The Often Missing Piece of Core Training in Lewisville?
The ability to activate the core muscles during movement is perhaps the most vital factor in keeping a healthy spine. Countless of clinical studies have been done to determine what really causes low back pain and how it can be prevented, well it turns out that the main reason why people injure their backs has not so much to do with what they are doing but more importantly how they are doing it.
Sometimes due to the level of injuries on the low back, many practitioners advise against certain movements, specific exercises that are believed to be “high risk” like squats or deadlifts. However, this really goes against what the studies show because it is not a particular movement that is to blame for injury to the low back. The injury is caused by the quality of the movement. In other words, it is how poorly we move that causes pain. Our body was designed to move, but if we do not know how to use it properly it will signal pain as a response.
That being said, it is our core activation that dictates the quality of movement, and therefore the health of our spine. Now, most people think that a strong core is a solid visible set of 6-pack achieved by crunches, ab roll outs, and planks; however, this is a very common misconception. The visibility and definition of a muscle have nothing to do with how strong it is. A patient can have a very strong core and not show one single abdominal muscle.
Another common misconception about the core is that it can be trained effectively during isolation movements. However, it is important to keep in mind that we are not training our core to gain “strength” in those muscles per say. We are training to learn how to active the core throughout a movement.
These are two completely different concepts. The use of core exercises like planks become valuable to the extent that we can develop an understanding of what it feels like to active the core, how to do it, what it should feel like. However, they have little to no purpose if we don’t have proper core activation.
The case of having great core contraction on isolation exercises like sit-ups and planks but poorly being translated into a healthy spine is far too common. The reason is that the main function of the core is misunderstood and therefore ignored during training. The main function of the core is not to help us sit up from a laying down position (like in a crunch), but it is actually breathing.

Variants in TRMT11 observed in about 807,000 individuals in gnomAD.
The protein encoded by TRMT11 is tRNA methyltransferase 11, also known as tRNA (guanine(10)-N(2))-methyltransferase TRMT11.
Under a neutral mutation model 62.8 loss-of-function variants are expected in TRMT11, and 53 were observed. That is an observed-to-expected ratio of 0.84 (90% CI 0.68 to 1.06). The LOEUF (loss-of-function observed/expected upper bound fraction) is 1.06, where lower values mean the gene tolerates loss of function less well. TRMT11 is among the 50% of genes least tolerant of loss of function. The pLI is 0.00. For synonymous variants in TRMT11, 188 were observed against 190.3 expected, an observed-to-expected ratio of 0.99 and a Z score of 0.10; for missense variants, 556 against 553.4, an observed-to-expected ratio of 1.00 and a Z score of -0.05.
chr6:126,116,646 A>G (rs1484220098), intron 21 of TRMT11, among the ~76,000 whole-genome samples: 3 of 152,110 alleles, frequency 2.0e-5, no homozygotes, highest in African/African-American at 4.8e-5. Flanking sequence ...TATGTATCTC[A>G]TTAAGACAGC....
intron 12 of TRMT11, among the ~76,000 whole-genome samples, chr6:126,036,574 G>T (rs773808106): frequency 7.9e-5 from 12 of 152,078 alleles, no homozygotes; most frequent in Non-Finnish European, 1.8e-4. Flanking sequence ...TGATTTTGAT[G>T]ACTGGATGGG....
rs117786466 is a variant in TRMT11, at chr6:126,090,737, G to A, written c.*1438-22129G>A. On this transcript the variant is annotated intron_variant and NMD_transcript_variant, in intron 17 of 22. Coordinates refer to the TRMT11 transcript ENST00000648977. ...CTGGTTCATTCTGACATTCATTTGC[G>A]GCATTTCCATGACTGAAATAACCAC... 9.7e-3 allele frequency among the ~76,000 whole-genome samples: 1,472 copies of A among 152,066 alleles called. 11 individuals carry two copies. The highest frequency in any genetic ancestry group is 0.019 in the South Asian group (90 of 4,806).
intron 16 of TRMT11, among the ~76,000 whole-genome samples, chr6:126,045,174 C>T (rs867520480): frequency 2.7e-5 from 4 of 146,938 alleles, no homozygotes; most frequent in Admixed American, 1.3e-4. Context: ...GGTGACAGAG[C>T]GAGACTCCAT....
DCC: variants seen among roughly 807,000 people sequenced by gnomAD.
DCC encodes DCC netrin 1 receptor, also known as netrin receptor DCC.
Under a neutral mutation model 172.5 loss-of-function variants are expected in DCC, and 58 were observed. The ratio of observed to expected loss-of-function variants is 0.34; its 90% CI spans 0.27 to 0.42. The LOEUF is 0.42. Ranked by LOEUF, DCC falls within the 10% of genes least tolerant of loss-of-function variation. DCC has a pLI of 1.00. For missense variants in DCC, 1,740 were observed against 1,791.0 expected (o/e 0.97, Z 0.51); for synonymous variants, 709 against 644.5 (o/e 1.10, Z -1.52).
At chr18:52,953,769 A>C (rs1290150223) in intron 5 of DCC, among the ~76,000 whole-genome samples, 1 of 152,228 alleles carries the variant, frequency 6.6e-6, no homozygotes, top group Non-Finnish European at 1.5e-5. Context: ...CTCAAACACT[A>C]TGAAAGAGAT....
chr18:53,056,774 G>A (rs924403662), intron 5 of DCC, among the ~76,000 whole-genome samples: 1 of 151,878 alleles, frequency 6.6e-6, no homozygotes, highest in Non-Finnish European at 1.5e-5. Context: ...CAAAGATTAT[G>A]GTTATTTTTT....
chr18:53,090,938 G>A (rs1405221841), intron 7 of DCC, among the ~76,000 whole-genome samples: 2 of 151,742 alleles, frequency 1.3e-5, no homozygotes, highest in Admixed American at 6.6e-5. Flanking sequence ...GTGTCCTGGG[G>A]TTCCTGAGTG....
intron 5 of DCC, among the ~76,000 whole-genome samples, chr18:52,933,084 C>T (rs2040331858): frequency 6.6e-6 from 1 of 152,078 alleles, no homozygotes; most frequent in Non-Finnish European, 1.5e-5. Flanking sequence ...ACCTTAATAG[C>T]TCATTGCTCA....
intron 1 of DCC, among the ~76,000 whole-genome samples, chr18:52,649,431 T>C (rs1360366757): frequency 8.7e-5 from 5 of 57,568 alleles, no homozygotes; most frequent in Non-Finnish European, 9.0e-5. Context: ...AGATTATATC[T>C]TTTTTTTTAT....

How we breathe is dependent on our ability to use our core, specifically the diaphragm. If we breathe the correct way by engaging our belly muscle (the diaphragm) then we are using our core on a consistent basis, if on the other hand, we use our chest to breathe then our body hardly ever uses the core and therefore it forgets to use it. Especially, as we try to move whether that is through loaded exercises like squats or when we try to bend forward to pick up an object.
Activating a strong core has more to do with our breathing because that is its main function. As we have pressure built up in our belly from breathing, the spine is protected as a side effect.
Here is a common test we use in practice to test core activation:
We ask the patient to lay down face up, and we bring the legs up to 90 degrees, placing our hand beneath the low back we ask the patient to lower the legs in a controlled manner, poor core activation will be noted as the patient tries to arch their back to control the movement losing contact/pressure over the testing hand.
To know more contact Community Chiropractic in Lewisville for more information.
8:00am - 6:30pm
2:00pm - 6:30pm
8:00am - 6:30pm
8:00am - 6:30pm
8:00am - 12:00pm
9:00am - 11:00am